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Why the Bio-Hazard Suits near the X-37B?

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posted on Sep, 26 2012 @ 06:25 PM
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reply to post by tpsreporter
 

After a flight, the X-37 will vent off hydrazine vapors. I would want a Level A suit, too. And it uses hydrogen peroxide, a toxic oxidizing agent, as fuel.




posted on Sep, 26 2012 @ 06:26 PM
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reply to post by tpsreporter
 


The X-37 is much smaller, so the crew is closer to the APU, which is the biggest user of hydrazine in a craft. There are also a lot of other toxic materials that are in use I'm sure, as was suggested in another post.

On the shuttle, and the X-37, the thrusters are last used in the deorbit burn, and there's plenty of time for the hydrazine to dissipate to safe levels before it lands. The APU exhaust on the shuttle is on either side of the tail, and it vents up into the air.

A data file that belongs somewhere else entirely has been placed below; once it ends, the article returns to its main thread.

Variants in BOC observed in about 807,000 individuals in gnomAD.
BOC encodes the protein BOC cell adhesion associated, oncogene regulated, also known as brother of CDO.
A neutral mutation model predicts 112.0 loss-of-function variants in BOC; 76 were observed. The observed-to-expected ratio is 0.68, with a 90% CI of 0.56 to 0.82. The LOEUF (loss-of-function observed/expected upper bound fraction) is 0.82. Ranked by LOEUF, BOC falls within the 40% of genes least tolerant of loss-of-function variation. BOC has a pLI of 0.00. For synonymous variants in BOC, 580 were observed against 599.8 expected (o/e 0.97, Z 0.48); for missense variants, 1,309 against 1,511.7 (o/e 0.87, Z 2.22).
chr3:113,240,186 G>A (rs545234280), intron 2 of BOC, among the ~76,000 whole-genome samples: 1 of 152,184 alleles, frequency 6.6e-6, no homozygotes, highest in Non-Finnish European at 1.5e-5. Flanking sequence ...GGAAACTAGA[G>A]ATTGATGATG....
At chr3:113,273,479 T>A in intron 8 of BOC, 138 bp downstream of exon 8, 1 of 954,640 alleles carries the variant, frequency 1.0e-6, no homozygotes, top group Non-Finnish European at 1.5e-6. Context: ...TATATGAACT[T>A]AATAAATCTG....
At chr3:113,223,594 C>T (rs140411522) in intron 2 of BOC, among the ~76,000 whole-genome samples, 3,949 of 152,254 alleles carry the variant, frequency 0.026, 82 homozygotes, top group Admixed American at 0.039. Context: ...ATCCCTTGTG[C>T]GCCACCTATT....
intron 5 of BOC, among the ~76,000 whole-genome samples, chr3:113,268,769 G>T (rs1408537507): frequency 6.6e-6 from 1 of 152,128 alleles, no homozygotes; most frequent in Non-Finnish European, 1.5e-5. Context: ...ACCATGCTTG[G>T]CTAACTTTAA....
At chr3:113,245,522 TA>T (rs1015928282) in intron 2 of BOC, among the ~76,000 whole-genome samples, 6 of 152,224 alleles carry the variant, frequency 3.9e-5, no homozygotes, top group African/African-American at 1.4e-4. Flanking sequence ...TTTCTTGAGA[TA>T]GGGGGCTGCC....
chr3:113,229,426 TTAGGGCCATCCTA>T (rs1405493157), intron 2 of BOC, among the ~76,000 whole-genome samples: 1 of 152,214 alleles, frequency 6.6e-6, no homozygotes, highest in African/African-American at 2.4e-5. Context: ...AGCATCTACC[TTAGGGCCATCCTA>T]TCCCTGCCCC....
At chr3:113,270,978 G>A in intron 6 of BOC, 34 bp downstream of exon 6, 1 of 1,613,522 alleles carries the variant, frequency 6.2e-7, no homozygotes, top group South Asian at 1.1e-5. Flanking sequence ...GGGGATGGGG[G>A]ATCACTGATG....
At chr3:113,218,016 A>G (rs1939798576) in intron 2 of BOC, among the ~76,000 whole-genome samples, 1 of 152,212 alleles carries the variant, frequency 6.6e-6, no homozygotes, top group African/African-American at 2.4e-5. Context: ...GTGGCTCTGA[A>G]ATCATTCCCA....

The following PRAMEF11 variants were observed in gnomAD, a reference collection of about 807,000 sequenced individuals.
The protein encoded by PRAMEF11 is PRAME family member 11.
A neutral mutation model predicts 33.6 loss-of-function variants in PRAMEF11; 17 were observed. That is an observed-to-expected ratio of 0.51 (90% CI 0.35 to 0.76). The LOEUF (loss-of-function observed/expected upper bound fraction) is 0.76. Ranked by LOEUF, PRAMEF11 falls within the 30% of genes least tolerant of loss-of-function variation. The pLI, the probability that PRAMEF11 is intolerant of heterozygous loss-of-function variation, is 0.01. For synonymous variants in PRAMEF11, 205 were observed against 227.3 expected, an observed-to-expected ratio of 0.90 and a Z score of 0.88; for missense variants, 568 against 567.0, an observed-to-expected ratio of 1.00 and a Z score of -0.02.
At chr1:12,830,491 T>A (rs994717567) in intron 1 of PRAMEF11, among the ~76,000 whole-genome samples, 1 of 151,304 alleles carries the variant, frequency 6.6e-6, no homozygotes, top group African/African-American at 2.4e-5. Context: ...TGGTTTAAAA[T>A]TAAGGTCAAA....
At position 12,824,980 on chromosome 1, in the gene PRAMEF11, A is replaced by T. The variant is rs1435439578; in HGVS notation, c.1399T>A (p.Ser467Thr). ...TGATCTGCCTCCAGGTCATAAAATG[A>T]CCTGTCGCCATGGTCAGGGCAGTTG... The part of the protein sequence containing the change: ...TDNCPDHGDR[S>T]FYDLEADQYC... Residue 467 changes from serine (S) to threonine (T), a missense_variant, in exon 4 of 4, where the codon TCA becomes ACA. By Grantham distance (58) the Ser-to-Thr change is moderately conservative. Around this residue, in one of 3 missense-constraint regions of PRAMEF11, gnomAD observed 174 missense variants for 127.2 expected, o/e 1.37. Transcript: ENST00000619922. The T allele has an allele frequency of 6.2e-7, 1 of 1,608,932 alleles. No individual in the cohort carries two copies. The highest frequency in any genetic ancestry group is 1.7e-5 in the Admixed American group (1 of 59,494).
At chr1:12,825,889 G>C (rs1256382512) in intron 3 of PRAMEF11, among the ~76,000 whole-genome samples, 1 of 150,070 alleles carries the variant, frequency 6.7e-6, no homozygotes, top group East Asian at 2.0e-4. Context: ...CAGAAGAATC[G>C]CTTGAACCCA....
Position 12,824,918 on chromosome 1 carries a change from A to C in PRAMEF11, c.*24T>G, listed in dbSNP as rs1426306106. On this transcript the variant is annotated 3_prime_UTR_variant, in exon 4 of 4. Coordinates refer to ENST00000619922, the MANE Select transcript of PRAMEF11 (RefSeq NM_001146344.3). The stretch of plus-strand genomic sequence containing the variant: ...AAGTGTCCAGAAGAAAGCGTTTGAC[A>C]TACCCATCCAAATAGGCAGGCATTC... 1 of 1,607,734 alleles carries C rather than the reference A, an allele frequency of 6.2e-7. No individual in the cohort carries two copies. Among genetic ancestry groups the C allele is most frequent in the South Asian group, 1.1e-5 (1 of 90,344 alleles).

If you look at some of the pictures of the X-37, the people servicing it are almost as tall as it is (minus the top of the tails), which means that they are right there by the APU exhaust, no matter where they put it on the vehicle. That means that the chances of hydrazine exposure is much higher with the X-37 than it was with the shuttles.








posted on Sep, 26 2012 @ 06:31 PM
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From this picture the yellow box is for locking the tires.





posted on Sep, 26 2012 @ 06:33 PM
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reply to post by JBA2848
 


One is a wheel chock, the one that they are carrying looks like a Geiger counter or some kind of measuring device.



posted on Sep, 26 2012 @ 06:40 PM
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reply to post by Zaphod58
 


Great photos!

At the very least this does show that the use of the Full Body suits is more or less standard practice with the X37-B.

Is that first photo a pre-mission service? Or maybe just a time far between missions when there would be no fuel? I'm surprised that with such a classified mission they would let so many people around it.